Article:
(Saturday, August 27)
“Haykakan Zhamanak” reports that the chief judge in the southeastern Armenian town of Goris, Ignat Beglarian, was beaten up last week by “bodyguards” of Surik Khachatrian, the controversial regional governor. The paper says Beglarian was assaulted after he scolded Khachatrian’s minions as their cars nearly ran over himself and his child. “As a result, the judge found himself in hospital,” it says, adding: “This information was confirmed by the Justice Ministry. The incident was not registered in the police. No criminal case was opened because the judge did not file a complaint.”
“Golos Armenii” writes that although Armenia and Azerbaijan have said that their presidents will not sign any peace agreements in the Russian city of Kazan, Ilham Aliev and Robert Kocharian could “take a certain step towards a peaceful settlement.”
Armenian newspapers carry a statement by the U.S. embassy in Armenia on efforts to amend the Armenian constitution. The statement came ahead of Monday’s parliament debates on the draft amendments that will be put to the referendum in November. It said he hopes that members of the National Assembly “will recognize the heavy responsibility they bear before their fellow-countrymen for agreeing on the best constitutional arrangements.” “Monday’s debate and the subsequent process will be taken as an indication of the level of political development in Armenia,” concluded the statement.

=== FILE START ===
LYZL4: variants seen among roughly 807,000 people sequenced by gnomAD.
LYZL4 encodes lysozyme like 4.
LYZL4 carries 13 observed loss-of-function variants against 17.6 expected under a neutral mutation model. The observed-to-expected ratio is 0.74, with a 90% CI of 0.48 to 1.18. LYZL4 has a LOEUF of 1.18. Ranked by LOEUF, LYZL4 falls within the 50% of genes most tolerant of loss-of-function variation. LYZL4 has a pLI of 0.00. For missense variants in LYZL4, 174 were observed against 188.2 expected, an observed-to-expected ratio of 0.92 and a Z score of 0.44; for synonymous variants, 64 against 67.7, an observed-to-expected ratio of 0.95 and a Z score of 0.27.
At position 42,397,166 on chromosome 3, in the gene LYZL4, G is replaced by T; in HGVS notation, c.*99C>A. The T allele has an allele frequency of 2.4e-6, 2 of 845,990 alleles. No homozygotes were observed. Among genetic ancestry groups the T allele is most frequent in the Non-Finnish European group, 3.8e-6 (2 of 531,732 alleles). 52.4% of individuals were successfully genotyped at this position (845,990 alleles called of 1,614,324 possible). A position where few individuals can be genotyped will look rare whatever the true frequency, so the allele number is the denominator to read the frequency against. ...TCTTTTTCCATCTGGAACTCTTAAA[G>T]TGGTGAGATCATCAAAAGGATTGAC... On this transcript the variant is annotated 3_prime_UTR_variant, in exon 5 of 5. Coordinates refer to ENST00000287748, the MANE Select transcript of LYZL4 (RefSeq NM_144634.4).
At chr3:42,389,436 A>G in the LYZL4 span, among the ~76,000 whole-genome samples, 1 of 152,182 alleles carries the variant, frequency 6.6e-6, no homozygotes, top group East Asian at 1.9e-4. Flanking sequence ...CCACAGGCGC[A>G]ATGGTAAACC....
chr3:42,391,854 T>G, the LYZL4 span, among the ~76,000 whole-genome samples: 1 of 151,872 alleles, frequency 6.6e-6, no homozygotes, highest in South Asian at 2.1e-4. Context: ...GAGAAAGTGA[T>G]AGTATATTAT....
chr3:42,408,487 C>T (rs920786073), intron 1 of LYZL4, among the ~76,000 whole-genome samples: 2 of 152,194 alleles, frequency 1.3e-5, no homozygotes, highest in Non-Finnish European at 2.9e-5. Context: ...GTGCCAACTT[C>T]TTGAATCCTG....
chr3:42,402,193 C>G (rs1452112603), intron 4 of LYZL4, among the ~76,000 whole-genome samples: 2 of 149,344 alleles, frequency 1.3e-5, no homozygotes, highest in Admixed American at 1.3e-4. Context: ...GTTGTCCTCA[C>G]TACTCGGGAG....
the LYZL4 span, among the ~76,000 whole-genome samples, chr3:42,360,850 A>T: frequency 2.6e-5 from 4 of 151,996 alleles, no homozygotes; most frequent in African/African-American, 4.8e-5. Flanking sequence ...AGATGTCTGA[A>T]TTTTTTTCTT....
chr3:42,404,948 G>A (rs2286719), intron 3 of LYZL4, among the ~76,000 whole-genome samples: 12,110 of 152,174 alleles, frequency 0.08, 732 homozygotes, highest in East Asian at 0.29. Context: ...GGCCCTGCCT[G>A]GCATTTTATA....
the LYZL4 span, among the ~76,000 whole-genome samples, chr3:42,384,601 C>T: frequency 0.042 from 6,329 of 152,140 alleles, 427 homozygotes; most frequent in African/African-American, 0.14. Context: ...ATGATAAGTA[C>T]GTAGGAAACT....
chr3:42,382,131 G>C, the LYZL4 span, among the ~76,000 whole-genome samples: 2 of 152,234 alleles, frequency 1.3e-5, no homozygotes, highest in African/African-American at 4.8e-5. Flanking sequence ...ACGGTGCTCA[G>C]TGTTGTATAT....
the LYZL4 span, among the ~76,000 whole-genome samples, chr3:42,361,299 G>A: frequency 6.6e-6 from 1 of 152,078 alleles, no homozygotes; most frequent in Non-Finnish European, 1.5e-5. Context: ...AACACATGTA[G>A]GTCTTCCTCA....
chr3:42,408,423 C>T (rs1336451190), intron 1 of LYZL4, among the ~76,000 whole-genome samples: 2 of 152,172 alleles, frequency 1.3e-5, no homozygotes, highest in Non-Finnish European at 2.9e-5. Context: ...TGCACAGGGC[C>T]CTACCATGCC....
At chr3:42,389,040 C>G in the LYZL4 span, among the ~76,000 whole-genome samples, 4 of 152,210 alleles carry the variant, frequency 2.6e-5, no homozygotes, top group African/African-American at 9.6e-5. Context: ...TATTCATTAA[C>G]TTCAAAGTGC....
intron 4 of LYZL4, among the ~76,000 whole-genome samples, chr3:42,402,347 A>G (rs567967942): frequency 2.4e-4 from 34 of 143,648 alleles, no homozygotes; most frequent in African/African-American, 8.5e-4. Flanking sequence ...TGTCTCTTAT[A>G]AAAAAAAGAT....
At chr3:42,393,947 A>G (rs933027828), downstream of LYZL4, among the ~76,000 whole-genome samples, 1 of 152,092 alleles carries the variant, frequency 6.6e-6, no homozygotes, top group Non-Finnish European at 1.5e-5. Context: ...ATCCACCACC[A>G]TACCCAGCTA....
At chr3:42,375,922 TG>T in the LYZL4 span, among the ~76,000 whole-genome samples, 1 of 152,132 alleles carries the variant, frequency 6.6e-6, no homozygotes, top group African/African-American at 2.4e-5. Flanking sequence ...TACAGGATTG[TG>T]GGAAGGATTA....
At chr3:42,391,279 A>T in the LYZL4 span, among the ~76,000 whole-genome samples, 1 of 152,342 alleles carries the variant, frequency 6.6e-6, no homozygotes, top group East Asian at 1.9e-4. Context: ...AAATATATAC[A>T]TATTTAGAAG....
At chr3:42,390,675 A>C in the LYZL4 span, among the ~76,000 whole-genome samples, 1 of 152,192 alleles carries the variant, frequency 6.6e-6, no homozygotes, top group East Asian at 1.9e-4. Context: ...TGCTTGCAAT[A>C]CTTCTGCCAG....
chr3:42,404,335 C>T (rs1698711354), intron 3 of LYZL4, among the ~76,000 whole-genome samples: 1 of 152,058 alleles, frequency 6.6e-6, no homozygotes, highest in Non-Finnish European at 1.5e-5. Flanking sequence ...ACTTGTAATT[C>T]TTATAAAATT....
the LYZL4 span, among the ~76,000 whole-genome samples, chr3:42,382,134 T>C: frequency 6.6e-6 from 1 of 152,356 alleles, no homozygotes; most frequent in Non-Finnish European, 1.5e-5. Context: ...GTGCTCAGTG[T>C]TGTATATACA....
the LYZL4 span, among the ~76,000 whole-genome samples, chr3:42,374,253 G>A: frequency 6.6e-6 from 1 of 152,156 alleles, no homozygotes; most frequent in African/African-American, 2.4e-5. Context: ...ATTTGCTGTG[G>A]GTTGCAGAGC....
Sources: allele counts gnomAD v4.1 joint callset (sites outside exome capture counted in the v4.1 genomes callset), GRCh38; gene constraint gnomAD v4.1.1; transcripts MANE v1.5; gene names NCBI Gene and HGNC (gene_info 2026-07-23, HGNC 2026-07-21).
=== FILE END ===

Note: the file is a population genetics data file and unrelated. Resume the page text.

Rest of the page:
“Political developments in the country will be more democratic if the opposition participates in the constitutional process,” the British ambassador to Armenia, Thorda Abbott-Watt, tells “Hayots Ashkhar.” She believes that the passage of the constitutional amendments is important for Armenia’s future.
“Haykakan Zhamanak” says that Monday’s parliament debate will center on anything but the content of Kocharian’s constitutional draft. Both the parliament majority and opposition lawmakers will turn it into a “race of winning political dividends.”
“It will be an expressive but, alas, fruitless show,” predicts “Golos Armenii.”
Echoing Kocharian’s statements, deputy parliament speaker Tigran Torosian tells “Hayots Ashkhar” that the opposition is wrong to believe that success of the constitutional referendum will amount to its political defeat. “If the draft collapses, Armenia as a whole will suffer,” he says. “And consequences will not be long in coming. But in case of a positive outcome of the referendum, everybody would win: the government, the opposition and, most importantly, the people. For that would lay the groundwork for holding the next Armenian elections in accordance with international standards.”